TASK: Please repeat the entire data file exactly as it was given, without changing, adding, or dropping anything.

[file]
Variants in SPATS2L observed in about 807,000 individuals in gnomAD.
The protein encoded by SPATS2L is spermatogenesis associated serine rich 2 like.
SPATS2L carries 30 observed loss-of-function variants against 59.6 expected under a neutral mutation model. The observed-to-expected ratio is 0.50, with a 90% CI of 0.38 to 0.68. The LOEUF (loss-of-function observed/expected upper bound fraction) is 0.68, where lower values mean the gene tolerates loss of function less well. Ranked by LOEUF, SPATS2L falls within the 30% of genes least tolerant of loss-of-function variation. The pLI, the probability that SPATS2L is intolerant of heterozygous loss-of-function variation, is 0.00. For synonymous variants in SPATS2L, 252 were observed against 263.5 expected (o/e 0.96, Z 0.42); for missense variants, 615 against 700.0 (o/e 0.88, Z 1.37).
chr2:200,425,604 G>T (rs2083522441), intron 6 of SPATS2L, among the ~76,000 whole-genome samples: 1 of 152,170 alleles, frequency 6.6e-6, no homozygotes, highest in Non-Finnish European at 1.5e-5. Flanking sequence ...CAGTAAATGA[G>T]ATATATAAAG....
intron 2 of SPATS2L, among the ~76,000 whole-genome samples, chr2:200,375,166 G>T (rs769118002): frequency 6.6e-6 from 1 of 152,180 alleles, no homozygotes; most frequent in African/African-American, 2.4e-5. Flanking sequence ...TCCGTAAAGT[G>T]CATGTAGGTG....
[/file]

Variants in SPATS2L observed in about 807,000 individuals in gnomAD.
The protein encoded by SPATS2L is spermatogenesis associated serine rich 2 like.
SPATS2L carries 30 observed loss-of-function variants against 59.6 expected under a neutral mutation model. The observed-to-expected ratio is 0.50, with a 90% CI of 0.38 to 0.68. The LOEUF (loss-of-function observed/expected upper bound fraction) is 0.68, where lower values mean the gene tolerates loss of function less well. Ranked by LOEUF, SPATS2L falls within the 30% of genes least tolerant of loss-of-function variation. The pLI, the probability that SPATS2L is intolerant of heterozygous loss-of-function variation, is 0.00. For synonymous variants in SPATS2L, 252 were observed against 263.5 expected (o/e 0.96, Z 0.42); for missense variants, 615 against 700.0 (o/e 0.88, Z 1.37).
chr2:200,425,604 G>T (rs2083522441), intron 6 of SPATS2L, among the ~76,000 whole-genome samples: 1 of 152,170 alleles, frequency 6.6e-6, no homozygotes, highest in Non-Finnish European at 1.5e-5. Flanking sequence ...CAGTAAATGA[G>T]ATATATAAAG....
intron 2 of SPATS2L, among the ~76,000 whole-genome samples, chr2:200,375,166 G>T (rs769118002): frequency 6.6e-6 from 1 of 152,180 alleles, no homozygotes; most frequent in African/African-American, 2.4e-5. Flanking sequence ...TCCGTAAAGT[G>T]CATGTAGGTG....